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Late Summer Cattle Drive to Cause Minor Traffic Delays near Moran Junction

June cattle drive
Pinto Ranch wranglers drive cattle to summer pastures at Elk Ranch on June 11, 2011.

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News Release Date: August 23, 2011
Contact: Jackie Skaggs, 307.739.3393

August 23, 2011

11-78

Motorists may experience a minor travel delay along Highway 26/89/191 between Elk Ranch Flats and Moran Junction on Saturday morning, August 27. The temporary delay will take place between 8 a.m. and 9 a.m. to allow for the safe movement of cattle from the Elk Ranch summer pastures just south of Moran Junction to the Pinto Ranch in Buffalo Valley. Park rangers will provide traffic control during this cattle drive.

Pinto Ranch wranglers will drive a herd of about 250 cattle eastward from the Elk Ranch area to the ranch using Highway 26/89/191 and then a right of way along Highway 26/287. When the cattle drive reaches a swampy area just south of Moran Junction, the animals will need to cross both this area and the Buffalo Fork Bridge via the roadway, which will cause a minor traffic delay of 15 to 20 minutes.

To avoid the temporary delay, local residents and park visitors may choose to travel an alternate route through Grand Teton National Park using the Teton Park Road between Jackson Lake and Moose junctions. Every effort will be made to minimize the inconvenience to travelers using Highway 26/89/191 near Moran Junction on Saturday morning.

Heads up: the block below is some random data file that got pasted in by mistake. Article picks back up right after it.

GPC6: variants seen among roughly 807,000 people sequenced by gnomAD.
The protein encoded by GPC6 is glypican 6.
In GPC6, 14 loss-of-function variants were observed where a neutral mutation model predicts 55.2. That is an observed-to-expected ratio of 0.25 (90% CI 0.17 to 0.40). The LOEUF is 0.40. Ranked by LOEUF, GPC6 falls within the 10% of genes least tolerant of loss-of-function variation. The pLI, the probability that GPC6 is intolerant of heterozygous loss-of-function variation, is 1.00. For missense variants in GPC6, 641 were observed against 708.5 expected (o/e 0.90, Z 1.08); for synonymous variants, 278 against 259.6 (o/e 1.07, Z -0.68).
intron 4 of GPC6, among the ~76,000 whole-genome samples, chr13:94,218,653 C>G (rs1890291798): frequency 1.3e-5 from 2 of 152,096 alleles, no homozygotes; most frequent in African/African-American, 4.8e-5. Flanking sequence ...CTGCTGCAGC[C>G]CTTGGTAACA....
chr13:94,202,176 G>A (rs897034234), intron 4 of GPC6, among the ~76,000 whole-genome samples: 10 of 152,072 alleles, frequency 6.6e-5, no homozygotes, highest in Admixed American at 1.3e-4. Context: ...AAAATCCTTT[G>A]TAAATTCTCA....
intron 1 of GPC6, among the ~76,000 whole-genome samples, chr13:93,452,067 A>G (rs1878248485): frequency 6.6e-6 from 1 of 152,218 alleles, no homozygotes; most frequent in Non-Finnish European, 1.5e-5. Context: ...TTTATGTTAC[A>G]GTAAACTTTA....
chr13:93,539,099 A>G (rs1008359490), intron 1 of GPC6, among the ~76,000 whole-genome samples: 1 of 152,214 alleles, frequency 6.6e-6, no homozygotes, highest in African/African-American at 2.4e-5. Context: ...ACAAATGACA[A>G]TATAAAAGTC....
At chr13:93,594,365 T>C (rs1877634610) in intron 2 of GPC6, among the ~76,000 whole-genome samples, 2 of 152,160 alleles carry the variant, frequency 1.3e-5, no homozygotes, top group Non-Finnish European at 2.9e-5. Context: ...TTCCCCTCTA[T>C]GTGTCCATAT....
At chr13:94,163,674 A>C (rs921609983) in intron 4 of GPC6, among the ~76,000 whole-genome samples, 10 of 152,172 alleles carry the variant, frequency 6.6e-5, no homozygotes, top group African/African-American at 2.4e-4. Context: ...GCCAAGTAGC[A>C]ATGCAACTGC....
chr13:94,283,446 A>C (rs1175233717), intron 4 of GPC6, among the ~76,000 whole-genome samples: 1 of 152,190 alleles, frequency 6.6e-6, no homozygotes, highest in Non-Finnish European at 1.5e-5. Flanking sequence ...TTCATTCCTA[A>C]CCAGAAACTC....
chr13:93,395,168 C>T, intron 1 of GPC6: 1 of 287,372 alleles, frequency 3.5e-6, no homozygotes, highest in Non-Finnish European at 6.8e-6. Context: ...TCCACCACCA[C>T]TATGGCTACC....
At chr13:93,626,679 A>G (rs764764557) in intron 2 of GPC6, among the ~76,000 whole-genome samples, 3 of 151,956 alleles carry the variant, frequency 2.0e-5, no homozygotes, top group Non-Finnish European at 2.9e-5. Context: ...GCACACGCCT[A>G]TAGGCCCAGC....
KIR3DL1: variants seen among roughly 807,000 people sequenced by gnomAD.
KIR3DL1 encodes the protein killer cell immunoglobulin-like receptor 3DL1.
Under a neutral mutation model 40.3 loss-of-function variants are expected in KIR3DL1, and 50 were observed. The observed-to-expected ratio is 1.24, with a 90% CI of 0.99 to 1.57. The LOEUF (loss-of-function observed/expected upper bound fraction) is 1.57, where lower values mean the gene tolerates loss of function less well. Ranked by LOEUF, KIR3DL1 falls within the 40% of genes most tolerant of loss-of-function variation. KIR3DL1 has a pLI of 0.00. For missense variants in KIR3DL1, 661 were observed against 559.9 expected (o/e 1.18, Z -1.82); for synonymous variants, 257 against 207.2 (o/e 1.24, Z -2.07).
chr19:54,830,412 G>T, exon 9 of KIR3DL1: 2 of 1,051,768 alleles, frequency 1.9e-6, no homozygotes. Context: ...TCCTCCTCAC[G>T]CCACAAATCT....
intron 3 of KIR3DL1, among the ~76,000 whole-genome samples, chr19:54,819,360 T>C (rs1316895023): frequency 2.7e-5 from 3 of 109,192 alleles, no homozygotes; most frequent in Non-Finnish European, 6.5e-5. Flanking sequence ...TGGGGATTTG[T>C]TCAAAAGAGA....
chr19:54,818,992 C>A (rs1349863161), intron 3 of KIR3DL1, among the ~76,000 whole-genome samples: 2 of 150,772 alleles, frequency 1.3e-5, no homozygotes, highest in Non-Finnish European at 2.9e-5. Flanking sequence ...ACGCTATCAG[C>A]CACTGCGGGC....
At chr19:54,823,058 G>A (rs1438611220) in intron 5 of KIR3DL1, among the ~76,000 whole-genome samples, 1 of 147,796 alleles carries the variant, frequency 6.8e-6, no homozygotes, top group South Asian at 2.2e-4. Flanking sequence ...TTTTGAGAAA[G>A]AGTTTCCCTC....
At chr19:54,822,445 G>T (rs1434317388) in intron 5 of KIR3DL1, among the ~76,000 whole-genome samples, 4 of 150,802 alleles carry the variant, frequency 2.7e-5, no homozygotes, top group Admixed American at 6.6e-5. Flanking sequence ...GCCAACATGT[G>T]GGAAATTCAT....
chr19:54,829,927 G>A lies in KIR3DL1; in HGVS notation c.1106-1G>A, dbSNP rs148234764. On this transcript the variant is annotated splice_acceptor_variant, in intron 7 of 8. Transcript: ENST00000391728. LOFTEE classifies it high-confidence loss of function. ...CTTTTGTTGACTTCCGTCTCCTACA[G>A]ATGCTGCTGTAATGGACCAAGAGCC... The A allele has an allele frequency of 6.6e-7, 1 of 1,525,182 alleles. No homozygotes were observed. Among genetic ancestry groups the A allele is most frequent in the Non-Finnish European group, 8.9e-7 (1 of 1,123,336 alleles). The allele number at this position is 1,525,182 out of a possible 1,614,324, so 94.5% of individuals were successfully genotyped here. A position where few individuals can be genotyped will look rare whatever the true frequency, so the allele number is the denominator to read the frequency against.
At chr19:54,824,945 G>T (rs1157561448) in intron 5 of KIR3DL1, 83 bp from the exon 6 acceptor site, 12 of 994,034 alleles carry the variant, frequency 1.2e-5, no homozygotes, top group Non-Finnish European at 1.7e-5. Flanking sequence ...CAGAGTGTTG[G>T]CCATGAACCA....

Several years ago, Grand Teton officials requested that the Pinto Ranch shift their cattle from an historic, free-range Pacific Creek grazing allotment north of Moran to the fenced pastures at Elk Ranch Flats in order to minimize potential conflicts with predators in the Pacific Creek drainage. Saturday's cattle drive will complete the summer grazing operation and return the cattle to the Pinto Ranch before September.

In accordance with the 1950 Grand Teton National Park enabling legislation, certain historic grazing privileges were retained. Since that time, the fenced and irrigated Elk Ranch pastures have been used for cattle grazing purposes.

Did You Know?

Pika with a mouth full of grass

Did you know that pikas harvest grasses so they can survive the long cold winter? These small members of the rabbit family do not hibernate, but instead store their harvest as “haystacks” under rocks in the alpine environment.